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Section members may be interested in the announcement of the Leadership Excellence and Gender Symposium, hosted by the Krannert School of Management at Purdue University on March 28-30, 2016.

This is the Inaugural Leader Excellence Research Symposium organized by the Susan Bulkeley Butler Center for Leadership Excellence and the Krannert School of Management, among other partners.

The purpose of this symposium is to highlight cutting edge research and evidence-based practice regarding the creation and sustainment of
work–especially within the context of organizational, managerial, and occupational environments–that supports gender equality, leader excellence
and career success in organizations. More details regarding this interdisciplinary symposium can be found at:

On the link above, you will find a call for abstracts, for which the deadline is November 15th, 2015 (though earlier submissions are encouraged,
as space will be limited). Students and faculty from organizational behavior and theory, sociology, human resource management, psychology, economics, industrial relations, science, engineering, technology, strategy, education, political science, women’s studies, public health, communications, and all other disciplines which share a common research interest in gender and the workplace are invited to submit an abstract for consideration. Instructions for abstract submission can be found in the symposium link above.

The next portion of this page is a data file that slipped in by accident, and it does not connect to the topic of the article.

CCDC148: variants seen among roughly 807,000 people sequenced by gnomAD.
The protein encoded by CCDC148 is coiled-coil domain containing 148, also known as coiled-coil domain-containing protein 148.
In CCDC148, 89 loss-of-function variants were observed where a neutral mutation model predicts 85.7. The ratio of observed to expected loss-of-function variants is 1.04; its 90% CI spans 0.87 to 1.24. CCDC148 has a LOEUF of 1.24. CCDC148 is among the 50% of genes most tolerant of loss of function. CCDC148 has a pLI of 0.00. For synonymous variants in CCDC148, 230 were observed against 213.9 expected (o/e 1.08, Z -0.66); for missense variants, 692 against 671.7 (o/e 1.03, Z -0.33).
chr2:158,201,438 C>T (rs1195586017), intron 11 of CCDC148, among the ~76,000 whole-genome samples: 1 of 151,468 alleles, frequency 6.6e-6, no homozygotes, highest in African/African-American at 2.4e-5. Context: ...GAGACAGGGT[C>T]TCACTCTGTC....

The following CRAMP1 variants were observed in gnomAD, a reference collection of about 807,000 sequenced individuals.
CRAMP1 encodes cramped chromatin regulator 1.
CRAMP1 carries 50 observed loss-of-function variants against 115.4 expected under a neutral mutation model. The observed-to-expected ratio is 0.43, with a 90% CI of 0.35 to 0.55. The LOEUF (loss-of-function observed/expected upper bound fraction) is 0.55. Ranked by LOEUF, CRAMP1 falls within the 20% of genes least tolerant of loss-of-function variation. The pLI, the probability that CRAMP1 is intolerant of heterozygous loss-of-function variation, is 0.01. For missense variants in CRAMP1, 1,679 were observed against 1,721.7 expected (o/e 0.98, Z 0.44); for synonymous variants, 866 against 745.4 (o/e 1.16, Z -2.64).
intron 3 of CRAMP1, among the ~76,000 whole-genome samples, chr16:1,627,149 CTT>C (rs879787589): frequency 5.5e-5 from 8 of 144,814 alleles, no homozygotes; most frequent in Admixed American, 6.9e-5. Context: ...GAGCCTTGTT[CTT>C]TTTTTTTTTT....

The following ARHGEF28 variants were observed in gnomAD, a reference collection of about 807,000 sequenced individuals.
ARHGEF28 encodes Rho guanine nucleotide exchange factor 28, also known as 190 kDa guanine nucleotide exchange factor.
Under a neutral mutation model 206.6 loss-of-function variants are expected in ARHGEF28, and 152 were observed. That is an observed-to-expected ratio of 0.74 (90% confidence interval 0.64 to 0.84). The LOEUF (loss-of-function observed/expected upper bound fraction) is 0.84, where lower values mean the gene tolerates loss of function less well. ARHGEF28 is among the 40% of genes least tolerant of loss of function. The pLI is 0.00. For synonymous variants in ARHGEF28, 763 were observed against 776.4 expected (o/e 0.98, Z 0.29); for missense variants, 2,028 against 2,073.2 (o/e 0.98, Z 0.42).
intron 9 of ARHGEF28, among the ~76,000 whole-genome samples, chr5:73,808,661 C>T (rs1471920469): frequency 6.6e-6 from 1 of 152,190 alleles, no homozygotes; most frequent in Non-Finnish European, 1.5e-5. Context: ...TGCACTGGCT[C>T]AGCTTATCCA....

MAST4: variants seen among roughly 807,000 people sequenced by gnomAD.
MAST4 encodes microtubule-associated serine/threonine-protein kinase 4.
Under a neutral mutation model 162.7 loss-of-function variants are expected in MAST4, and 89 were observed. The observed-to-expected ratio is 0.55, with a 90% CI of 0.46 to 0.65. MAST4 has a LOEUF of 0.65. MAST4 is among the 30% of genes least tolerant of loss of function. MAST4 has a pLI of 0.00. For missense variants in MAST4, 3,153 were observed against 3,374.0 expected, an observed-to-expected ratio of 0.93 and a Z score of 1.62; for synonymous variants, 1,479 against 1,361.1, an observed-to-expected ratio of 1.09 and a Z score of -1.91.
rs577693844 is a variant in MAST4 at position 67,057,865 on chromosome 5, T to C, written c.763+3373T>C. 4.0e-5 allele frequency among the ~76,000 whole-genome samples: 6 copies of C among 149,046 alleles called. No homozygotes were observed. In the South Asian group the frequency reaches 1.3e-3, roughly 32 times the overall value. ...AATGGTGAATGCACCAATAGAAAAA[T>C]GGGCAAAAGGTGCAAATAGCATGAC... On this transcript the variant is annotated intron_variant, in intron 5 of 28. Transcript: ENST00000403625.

Call for Papers: Gender and Work

2016 Annual Meeting of the Eastern Sociological Society
The Boston Park Plaza Hotel and Towers
Boston, MA
March 17-21, 2016

Gender plays a profound role in the way in which we all experience everyday life. Work, a major facet of society, is deeply affected by gender. While the wage gap between men and women has decreased over the past several decades, it persists nonetheless. This session is looking for research that examine gender disparities in both unpaid and paid work and how these disparities affect everyone’s lives (regardless of gender) and society at large. Papers that focus on uncovering issues such as wage gap, traditional gender roles, and gendered jobs are encouraged. Please submit abstracts (not longer than 250 words) to Deniz Yucel  ( Deadline for abstract submission: October 25, 2015.

Greetings! In anticipation of this year’s ASA meeting, we at the Cultural Sociology Working Papers Series would like to reissue our call for papers. Conference papers are especially welcome.

Cultural sociology has seen a remarkable efflorescence in the last decade. Scholars in the field have reinvigorated meaning-centered analysis in the discipline, studying topics as diverse as economic behavior, political processes, social movements, media, art, and architecture. Their studies have similarly ranged from focusing on macro level historical processes to investigating local level interaction patterns, with an eye towards the variable ways in which culture shapes them. Their joint premise is that, because culture is entwined in all aspects of social life, it cannot be dismissed as the side-product of underlying economic or political forces and must be understood on its own terms. With the growing diversity of this field, it becomes increasingly important for cultural sociologists to exchange ideas and to share their work at various stages of development.